I recently started a popular series of murder mysteries by J.D. Robb. They feature Lt. Eve Dallas, a New York cop, and her husband Roarke, a multi-billionaire who got his start in part by hacking computers. During the course of the series, in the interest of justice, Roarke has hacked police, government and personal computers in order to get his wife information she needs to solve heinous murders.
Roarke’s expertise with computers keeps the storyline flowing, which as a reader, I appreciate. However, as an employee of CDKWeb, I’m horrified at the ease in which he is able to obtain the needed data. Especially because the more I read true-life headlines and listen to the nightly news, I find that security breaches and hacked computers are not just a fiction device to further a story line.
Personal data has been stolen from the Veteran’s Administration, the Social Security Administration, even the Department of Defense. Who hasn’t heard about the WikiLeaks in which more than 250,000 U.S. diplomatic cables containing Secret level information were published to the world wide cyber community? A major federal loan guarantor reported that data on 3.3 million borrowers had been stolen from a portable media device. The device contained the names, addresses, dates of birth and Social Security numbers of their clients.
As a result, the U.S. government has launched one policy initiative after another to protect critical IT infrastructure in coordination with the private sector. Even so, computer breaches from foreign parties, fast-spreading worms, and hidden malware have outpaced the advances, leaving computer systems and networks across industries more vulnerable than ever.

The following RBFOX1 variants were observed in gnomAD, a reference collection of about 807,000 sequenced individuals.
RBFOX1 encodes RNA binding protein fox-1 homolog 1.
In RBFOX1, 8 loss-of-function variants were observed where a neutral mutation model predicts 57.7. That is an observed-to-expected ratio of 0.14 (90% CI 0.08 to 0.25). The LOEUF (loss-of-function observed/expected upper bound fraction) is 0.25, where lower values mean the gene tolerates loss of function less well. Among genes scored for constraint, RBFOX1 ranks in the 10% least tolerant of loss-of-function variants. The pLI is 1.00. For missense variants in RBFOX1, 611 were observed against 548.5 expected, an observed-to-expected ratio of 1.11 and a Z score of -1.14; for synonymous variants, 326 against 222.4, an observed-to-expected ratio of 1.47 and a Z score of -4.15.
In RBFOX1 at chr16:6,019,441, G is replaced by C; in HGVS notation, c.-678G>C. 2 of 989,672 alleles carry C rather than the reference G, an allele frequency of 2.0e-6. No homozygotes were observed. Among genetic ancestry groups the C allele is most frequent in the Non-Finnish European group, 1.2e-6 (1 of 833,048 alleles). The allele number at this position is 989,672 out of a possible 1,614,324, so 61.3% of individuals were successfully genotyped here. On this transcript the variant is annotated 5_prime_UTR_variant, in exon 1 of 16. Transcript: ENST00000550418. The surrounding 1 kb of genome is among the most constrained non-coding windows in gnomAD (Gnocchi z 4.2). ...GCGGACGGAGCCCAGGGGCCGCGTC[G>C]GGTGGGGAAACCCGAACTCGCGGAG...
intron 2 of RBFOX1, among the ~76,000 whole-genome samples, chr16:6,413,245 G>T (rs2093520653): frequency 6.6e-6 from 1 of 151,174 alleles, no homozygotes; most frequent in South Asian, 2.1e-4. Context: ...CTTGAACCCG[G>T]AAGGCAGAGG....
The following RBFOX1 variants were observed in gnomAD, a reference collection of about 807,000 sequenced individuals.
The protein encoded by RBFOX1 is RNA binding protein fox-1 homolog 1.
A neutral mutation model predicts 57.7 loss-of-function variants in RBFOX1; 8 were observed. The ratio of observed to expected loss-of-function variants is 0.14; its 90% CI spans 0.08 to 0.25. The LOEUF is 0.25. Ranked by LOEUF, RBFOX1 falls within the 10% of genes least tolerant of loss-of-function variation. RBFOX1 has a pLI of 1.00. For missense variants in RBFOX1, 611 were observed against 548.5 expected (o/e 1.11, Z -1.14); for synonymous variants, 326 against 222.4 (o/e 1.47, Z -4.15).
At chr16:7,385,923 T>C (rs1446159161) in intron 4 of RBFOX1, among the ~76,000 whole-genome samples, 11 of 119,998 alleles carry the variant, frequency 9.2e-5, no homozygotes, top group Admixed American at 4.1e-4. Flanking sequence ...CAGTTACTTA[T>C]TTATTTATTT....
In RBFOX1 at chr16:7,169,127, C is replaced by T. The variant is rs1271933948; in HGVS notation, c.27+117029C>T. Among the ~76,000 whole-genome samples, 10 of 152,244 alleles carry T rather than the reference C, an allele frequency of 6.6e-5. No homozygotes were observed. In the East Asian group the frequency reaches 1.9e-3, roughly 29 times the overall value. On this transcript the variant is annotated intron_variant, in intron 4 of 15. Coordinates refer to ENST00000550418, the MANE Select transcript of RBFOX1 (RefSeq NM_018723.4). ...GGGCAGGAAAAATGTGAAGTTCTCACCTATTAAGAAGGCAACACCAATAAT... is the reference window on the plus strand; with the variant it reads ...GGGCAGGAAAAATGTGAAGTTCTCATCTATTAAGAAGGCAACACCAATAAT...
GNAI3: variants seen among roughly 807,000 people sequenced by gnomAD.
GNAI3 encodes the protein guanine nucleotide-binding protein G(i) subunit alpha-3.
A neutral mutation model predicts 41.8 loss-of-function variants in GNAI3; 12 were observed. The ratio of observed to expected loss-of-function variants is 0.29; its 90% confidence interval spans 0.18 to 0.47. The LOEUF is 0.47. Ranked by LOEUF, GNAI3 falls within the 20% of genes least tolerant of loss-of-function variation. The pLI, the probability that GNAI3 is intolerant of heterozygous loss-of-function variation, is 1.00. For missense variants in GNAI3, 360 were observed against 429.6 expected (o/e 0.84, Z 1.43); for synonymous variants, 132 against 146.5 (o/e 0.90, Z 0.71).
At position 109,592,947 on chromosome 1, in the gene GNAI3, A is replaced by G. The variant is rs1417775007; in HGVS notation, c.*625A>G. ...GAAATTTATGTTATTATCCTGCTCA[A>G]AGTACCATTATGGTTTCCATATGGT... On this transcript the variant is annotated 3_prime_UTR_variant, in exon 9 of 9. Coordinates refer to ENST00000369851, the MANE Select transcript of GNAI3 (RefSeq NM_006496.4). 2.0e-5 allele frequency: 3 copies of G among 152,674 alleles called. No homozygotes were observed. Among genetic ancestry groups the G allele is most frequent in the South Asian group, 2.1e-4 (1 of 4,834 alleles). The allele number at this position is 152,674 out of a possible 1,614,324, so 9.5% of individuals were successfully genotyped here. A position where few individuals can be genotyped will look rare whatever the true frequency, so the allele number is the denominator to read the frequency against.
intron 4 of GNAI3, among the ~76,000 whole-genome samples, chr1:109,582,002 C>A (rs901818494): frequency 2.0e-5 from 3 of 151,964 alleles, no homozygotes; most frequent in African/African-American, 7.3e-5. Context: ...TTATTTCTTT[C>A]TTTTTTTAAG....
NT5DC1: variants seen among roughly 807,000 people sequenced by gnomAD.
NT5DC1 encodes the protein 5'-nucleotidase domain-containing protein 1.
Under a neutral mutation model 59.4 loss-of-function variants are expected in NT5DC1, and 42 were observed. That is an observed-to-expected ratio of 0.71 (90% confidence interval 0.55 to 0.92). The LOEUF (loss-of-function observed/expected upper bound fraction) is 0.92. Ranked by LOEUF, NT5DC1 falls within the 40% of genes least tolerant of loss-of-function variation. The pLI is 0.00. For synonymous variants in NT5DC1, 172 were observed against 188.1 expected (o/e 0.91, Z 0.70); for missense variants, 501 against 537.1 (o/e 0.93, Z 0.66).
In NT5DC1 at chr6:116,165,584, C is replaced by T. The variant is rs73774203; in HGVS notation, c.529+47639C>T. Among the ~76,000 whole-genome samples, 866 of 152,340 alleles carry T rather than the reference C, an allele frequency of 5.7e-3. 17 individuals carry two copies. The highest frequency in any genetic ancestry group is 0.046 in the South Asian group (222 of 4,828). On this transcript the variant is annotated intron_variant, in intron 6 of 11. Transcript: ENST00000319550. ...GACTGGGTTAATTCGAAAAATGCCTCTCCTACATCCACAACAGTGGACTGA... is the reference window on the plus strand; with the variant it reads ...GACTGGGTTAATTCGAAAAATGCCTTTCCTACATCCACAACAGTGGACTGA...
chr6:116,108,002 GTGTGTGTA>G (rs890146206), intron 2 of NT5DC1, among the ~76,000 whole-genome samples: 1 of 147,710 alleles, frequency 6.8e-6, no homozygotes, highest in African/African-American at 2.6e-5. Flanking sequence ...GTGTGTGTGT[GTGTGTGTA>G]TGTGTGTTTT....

To reverse this treacherous development, Uncle Sam and businesses have three areas of direct attention:
- First, the public and private sectors need to share more information-more parties must be included and new platforms used.
- Second, they must pay more attention to defending against attacks that threaten critical IT infrastructure and even damage physical facilities.
- Third, their collaboration must be ratcheted up to the next level: real-time identification and response as threats occur and, more to the point, moving security practices from a reactionary posture to one that’s proactive and preemptive.
Even those private businesses who don’t deal with the government or government contracts should adopt and benefit from the more resilient cyber defenses. The threats are growing in number and severity. Information sharing is an important first step. Something I couldn’t help but think would have aided Eve Dallas and Roarke in their crusade to catch the bad guys.